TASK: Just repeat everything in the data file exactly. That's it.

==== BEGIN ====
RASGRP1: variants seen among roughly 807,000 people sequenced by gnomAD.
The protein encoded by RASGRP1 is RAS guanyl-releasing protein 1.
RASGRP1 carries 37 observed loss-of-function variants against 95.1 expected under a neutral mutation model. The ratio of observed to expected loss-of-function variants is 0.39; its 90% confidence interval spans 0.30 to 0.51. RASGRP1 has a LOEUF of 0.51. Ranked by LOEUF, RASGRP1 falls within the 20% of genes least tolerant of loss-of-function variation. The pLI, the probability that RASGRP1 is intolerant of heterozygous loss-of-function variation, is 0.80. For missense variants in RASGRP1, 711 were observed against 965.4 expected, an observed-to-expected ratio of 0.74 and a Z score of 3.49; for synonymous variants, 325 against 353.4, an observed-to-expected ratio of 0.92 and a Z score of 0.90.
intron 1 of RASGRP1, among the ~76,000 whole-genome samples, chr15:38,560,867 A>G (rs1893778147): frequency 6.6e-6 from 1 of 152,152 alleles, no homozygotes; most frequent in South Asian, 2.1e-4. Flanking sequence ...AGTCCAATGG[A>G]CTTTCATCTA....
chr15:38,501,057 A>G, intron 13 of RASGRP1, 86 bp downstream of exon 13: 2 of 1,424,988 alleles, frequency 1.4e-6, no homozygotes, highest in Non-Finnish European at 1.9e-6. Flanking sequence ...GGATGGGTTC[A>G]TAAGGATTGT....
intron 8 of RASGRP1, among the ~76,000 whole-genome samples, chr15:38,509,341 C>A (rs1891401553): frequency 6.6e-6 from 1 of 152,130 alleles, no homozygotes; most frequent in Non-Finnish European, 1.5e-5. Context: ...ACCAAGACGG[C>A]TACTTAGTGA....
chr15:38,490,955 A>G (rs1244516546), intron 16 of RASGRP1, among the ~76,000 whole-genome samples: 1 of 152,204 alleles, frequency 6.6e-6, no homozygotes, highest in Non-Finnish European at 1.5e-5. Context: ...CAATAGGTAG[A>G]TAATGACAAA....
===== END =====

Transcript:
RASGRP1: variants seen among roughly 807,000 people sequenced by gnomAD.
The protein encoded by RASGRP1 is RAS guanyl-releasing protein 1.
RASGRP1 carries 37 observed loss-of-function variants against 95.1 expected under a neutral mutation model. The ratio of observed to expected loss-of-function variants is 0.39; its 90% confidence interval spans 0.30 to 0.51. RASGRP1 has a LOEUF of 0.51. Ranked by LOEUF, RASGRP1 falls within the 20% of genes least tolerant of loss-of-function variation. The pLI, the probability that RASGRP1 is intolerant of heterozygous loss-of-function variation, is 0.80. For missense variants in RASGRP1, 711 were observed against 965.4 expected, an observed-to-expected ratio of 0.74 and a Z score of 3.49; for synonymous variants, 325 against 353.4, an observed-to-expected ratio of 0.92 and a Z score of 0.90.
intron 1 of RASGRP1, among the ~76,000 whole-genome samples, chr15:38,560,867 A>G (rs1893778147): frequency 6.6e-6 from 1 of 152,152 alleles, no homozygotes; most frequent in South Asian, 2.1e-4. Flanking sequence ...AGTCCAATGG[A>G]CTTTCATCTA....
chr15:38,501,057 A>G, intron 13 of RASGRP1, 86 bp downstream of exon 13: 2 of 1,424,988 alleles, frequency 1.4e-6, no homozygotes, highest in Non-Finnish European at 1.9e-6. Flanking sequence ...GGATGGGTTC[A>G]TAAGGATTGT....
intron 8 of RASGRP1, among the ~76,000 whole-genome samples, chr15:38,509,341 C>A (rs1891401553): frequency 6.6e-6 from 1 of 152,130 alleles, no homozygotes; most frequent in Non-Finnish European, 1.5e-5. Context: ...ACCAAGACGG[C>A]TACTTAGTGA....
chr15:38,490,955 A>G (rs1244516546), intron 16 of RASGRP1, among the ~76,000 whole-genome samples: 1 of 152,204 alleles, frequency 6.6e-6, no homozygotes, highest in Non-Finnish European at 1.5e-5. Context: ...CAATAGGTAG[A>G]TAATGACAAA....